The Northern Territory's firm grip on claims it has the highest rate of tobacco related deaths and diseases in the nation remain with the release of a new report this week.
Researchers at the Australian Institute of Health and Welfare have found the burden of disease from tobacco use was highest in the Northern Territory.
And those living remotely in the Top End were experiencing the worst of it.
The report, Burden of Tobacco use in Australia, used burden of disease analysis to study the impact of smoking on the population in terms of premature death (the fatal burden) and years lived in ill health (the non-fatal burden).
People living in the Territory were 2.6 times more likely to be dying early or dealing with disease from smoking than wealthier parts of Australia.
"Tobacco use remains the leading risk factor for ill health and premature death in Australia and was responsible for 9.3 per cent of the total burden of disease in Australia in 2015," AIHW spokesman Richard Juckes said.
"Almost three-quarters of the burden due to smoking was fatal.
"Forty-three per cent of the tobacco-related disease burden was due to cancer and most of this was from lung cancer."
He said chronic obstructive pulmonary disease accounted for 30 per cent of the burden, coronary heart disease 10 per cent and stroke 3.1 per cent.
Tobacco use contributed to an estimated 21,000 deaths in Australia during 2015.
A host of initiatives established over the past decade warning people of the dangers have had significant impacts on smoking rates.
Earlier this year, the Northern Territory Government coincided the release of an action plan with World No-Tobacco Day.
The Northern Territory Tobacco Action Plan 2019-2023 aimed to de-normalise smoking and reduce uptake by young people.
"While NT tobacco consumption rates are reducing, historically the Northern Territory has and continues to have the highest rate of smoking per capita in Australia," Minister for Health, Natasha Fyles said at the time of the release.
"This Tobacco Action Plan supports ongoing efforts to reduce this prevalence."
Key target groups were pregnant women and their families, children and young people, people with mental illness and people released from NT Prisons.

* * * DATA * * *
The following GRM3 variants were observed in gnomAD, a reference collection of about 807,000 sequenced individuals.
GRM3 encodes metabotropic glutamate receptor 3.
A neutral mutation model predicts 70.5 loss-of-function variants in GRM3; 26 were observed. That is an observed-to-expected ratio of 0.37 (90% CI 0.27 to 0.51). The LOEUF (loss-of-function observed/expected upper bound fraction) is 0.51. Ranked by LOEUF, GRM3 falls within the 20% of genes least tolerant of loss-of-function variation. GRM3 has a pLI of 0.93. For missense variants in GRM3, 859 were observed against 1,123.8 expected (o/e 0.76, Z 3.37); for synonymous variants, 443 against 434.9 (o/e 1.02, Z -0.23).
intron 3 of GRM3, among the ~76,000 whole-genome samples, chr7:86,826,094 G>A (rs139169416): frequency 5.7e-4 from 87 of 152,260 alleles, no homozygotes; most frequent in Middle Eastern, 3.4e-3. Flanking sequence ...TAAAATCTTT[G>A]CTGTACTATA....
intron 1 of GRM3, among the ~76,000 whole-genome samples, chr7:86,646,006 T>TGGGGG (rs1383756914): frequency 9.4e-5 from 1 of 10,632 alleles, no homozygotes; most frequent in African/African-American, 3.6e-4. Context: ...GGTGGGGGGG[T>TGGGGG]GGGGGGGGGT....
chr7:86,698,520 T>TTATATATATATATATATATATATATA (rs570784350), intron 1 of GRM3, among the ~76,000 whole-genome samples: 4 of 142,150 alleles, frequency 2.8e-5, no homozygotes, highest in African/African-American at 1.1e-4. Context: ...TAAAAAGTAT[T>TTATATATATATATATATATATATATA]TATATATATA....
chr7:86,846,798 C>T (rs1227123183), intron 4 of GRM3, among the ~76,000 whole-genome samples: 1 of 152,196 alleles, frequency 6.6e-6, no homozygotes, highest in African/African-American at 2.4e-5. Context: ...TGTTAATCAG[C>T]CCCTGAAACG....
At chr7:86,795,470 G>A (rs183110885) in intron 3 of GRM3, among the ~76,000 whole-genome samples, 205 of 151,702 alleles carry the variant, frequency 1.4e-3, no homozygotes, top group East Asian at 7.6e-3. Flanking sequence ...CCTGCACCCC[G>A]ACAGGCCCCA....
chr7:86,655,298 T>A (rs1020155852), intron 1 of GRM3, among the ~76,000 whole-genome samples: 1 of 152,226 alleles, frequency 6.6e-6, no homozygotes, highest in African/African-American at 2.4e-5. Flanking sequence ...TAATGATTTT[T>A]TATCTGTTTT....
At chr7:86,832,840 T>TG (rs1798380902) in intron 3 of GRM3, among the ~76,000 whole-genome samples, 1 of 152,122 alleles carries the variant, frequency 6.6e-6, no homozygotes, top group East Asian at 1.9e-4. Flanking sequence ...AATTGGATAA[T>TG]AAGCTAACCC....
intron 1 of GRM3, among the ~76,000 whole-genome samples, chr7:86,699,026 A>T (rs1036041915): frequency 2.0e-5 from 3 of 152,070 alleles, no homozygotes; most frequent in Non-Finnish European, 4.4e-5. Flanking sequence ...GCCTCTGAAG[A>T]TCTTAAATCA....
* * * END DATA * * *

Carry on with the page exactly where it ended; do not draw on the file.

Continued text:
Chair of the Northern Territory Tobacco Control Action Committee, Professor David Thomas, said a key feature of the action plan was its focus on disadvantaged groups.
"Many of these groups have much higher rates of smoking than the general population," he said.
"Special emphasis is placed on reducing harm for Aboriginal Territorians, who suffer the greatest burden from tobacco use.
"These actions will benefit Territorians by reducing the incidence of smoking related harms, increasing public amenity by expanding smoke-free areas, and reducing adverse impacts and costs related to illnesses caused by smoking."
Researchers at the Australian Institute of Health and Welfare has reported the the rate of disease burden due to tobacco is falling, and is expected to continue on a downward trend.
According to the latest figures, tobacco use fell between 2003 and 2015 by 24 per cent; daily smoking rates have almost halved since the early 1990s.
"This pattern is predicted to continue, with the overall burden expected to fall by another 10 per cent by 2025," Mr Juckes said.
"While the burden associated with current smoking fell, the burden linked to past smoking rose by 15 per cent.
"This is probably because some of the diseases associated with smoking, such as lung cancer and chronic obstructive pulmonary disease, can take many years to develop."
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